Major League Soccer team previews: MONTREAL IMPACT

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Each day from now until the beginning of Major League Soccer’s 18th season, we will preview one Eastern Conference team and one from the West. First kick is March 2.

No. 9 in the East is the Montreal Impact:

Significant additions and subtractions: Foremost was the removal of Jesse Marsch as head coach (by mutual consent) after just one season in charge of the expansion team. The new boss is Marco Schallibaum, who is spending the preseason trying to get the team to think quicker and play quicker, with more one- and two-touch interchange.

Newcomers Blake Smith, Andrea Pisanu and Andrés Romero give the new coach plenty of options for outside midfield.

Strengths:  Alessandro Nesta and Matteo Ferrari will be a strong central defensive pairing if Nesta can avoid being isolated, one-on-one, too far from goal. Not as quick as in his salad days back in Italy, the Italian veteran can be had out there.

Patrice Bernier went from unknown figure in MLS to one of the league’s top central midfielders last year. The Impact’s MVP in 2012 is back, although questions persist about whom best to partner him in the middle of Stade Saputo. Collen Warner, Calum Mallace and the impressively versatile Hassoun Camara are among Schallibaum’s options there.

Judging by one preseason lineup, captain Davy Arnaud looks like another central option, as well. The MLS veteran has played in the middle before, back with Kansas City.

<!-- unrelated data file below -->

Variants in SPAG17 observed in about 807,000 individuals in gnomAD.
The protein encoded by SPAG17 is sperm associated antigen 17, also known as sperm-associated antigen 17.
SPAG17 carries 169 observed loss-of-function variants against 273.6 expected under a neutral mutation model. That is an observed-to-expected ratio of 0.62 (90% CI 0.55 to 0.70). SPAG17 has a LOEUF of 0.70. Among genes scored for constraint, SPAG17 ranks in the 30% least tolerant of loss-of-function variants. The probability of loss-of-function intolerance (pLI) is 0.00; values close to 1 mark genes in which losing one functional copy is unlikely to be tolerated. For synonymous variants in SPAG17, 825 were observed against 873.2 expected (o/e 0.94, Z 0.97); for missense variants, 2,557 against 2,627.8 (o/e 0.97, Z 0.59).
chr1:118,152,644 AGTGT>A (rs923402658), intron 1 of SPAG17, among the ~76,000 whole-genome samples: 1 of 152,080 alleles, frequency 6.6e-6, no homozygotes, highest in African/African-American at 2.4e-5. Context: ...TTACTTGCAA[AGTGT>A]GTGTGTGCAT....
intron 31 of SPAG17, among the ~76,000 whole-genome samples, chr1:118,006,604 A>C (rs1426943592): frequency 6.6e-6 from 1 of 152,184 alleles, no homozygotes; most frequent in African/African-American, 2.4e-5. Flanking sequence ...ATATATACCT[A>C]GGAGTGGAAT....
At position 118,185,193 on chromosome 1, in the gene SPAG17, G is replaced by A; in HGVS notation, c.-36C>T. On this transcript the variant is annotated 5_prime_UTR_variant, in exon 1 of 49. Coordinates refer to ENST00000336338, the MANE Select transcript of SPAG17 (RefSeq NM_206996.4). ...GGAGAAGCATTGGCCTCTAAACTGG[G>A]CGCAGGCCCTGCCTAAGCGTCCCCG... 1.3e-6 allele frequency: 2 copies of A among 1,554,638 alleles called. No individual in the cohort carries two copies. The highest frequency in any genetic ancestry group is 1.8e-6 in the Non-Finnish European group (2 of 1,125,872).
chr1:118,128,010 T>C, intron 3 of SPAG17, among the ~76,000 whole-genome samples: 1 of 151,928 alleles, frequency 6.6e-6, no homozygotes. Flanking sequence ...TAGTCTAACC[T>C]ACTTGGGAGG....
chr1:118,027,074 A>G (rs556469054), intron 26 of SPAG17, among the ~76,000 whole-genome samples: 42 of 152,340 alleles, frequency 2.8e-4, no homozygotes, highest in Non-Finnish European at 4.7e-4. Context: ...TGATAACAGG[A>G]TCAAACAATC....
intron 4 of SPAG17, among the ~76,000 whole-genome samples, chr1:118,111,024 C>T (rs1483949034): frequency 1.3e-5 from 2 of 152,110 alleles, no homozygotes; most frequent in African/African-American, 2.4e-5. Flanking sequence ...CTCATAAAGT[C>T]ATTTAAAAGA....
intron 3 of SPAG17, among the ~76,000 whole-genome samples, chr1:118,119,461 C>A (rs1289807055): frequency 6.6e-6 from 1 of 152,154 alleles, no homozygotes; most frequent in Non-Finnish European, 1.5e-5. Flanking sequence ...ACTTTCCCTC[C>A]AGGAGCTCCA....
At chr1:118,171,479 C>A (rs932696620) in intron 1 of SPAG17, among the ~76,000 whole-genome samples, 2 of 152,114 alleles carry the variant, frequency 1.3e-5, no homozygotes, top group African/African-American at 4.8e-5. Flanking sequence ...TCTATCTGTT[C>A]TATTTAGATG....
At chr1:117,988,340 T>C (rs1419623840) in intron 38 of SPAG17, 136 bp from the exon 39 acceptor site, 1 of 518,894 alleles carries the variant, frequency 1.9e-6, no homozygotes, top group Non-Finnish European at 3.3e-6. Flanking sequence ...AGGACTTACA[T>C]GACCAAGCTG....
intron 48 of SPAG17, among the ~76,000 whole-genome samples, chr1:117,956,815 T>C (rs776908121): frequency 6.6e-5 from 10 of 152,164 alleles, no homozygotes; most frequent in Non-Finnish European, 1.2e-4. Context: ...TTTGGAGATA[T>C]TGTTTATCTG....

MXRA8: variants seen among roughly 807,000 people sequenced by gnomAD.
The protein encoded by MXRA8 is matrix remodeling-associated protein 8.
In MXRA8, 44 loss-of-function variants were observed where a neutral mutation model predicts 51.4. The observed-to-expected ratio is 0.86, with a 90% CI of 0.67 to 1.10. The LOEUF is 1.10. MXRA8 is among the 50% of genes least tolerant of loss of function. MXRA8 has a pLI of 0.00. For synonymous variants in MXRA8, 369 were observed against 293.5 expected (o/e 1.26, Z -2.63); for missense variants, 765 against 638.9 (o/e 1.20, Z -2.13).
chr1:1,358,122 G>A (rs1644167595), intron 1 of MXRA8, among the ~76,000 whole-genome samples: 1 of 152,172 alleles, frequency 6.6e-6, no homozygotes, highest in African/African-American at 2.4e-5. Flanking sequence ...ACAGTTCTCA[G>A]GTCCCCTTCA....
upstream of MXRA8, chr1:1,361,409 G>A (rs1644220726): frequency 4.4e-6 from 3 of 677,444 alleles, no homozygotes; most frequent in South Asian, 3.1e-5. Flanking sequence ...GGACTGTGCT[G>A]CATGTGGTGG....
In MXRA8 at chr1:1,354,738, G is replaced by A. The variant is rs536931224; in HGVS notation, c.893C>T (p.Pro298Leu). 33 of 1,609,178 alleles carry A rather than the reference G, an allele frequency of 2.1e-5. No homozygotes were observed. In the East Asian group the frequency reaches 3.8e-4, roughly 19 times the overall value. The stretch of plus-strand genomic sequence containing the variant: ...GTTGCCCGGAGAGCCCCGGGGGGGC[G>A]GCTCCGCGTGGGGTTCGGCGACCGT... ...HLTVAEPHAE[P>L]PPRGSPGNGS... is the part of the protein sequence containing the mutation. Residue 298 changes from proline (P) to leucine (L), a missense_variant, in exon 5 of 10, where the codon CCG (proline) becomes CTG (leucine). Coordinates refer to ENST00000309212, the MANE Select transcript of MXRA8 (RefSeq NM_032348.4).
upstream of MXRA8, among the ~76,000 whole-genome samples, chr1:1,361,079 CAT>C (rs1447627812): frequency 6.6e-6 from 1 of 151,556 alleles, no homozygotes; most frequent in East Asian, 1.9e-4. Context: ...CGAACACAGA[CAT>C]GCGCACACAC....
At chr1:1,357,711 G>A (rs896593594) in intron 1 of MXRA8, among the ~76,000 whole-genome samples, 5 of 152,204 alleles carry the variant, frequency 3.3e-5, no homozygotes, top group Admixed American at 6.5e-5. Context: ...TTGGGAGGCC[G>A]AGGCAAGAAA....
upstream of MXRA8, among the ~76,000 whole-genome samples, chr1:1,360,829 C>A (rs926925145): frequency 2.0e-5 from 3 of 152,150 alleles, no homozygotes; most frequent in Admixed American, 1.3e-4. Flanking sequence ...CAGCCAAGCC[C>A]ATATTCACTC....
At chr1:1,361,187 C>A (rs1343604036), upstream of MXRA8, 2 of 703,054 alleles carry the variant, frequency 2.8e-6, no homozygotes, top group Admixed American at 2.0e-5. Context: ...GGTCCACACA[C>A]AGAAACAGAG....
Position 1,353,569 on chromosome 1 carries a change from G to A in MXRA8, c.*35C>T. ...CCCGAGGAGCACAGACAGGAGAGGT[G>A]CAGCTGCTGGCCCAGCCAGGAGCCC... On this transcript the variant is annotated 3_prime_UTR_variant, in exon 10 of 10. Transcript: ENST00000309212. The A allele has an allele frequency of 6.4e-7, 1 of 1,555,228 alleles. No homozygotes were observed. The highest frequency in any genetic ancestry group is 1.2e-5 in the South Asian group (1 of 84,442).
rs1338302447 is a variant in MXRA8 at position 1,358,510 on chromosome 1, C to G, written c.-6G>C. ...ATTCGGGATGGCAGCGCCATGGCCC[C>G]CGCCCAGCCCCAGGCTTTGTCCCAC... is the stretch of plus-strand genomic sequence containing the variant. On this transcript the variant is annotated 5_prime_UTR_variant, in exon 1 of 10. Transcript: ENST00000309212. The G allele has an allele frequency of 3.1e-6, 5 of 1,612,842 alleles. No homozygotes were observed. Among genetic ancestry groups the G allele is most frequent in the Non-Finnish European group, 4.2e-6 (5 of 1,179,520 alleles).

The team went 10-4-3 at home last year.

Pressure points: The organization made a bold call in not retaining Marsch. By almost any standard of measure the club’s first year in MLS was a ringing success. The expansion Impact finished ahead of three teams in the East and was among the league’s stronger sides through the summer, once settled and past some of the lesser avoidably young club blues. Yes, the separation was by mutual consent, but never mind that. If the Impact takes a step backward in its sophomore season, that’s on the organization for not reaching compromise with the man (Marsch) who over achieved as a first-time coach.

With team captain Arnaud, Justin Mapp and Sanna Nyassi already in place at Stade Saputo, now being pushed by the new additions, the coaching staff has lots of options for two flank midfield spots. They need to get that one right or team accord could be in jeopardy.source:

Preseason reports say Pisanu is already on the same page with striker Marco Di Vaio, which means that Arnaud’s spot could be in jeopardy. We sure know that Pisanu can score goals, and isn’t afraid to try the audacious. Watch this one from a preseason game.

Difference maker: That’s a little bit of a problem. It could be Bernier, but there are a lot of miles to log over an MLS season for a 33-year-old central midfielder. It could be Di Vaio, but his rate of production has to rise from last year’s modest totals (5 goals in 17 appearances).  It could be Nesta (pictured at right), whose ability to shepherd the back four is substantial, but whose vulnerability to younger, quicker type (as mentioned before) could be the rear guard’s undoing here and there.

If you have three guys who might be a difference maker, then you might not have one at all.

Potential breakout player: Pisanu, on loan from Bologna, has logged plenty of Serie A time, but is far from a known name in the new world.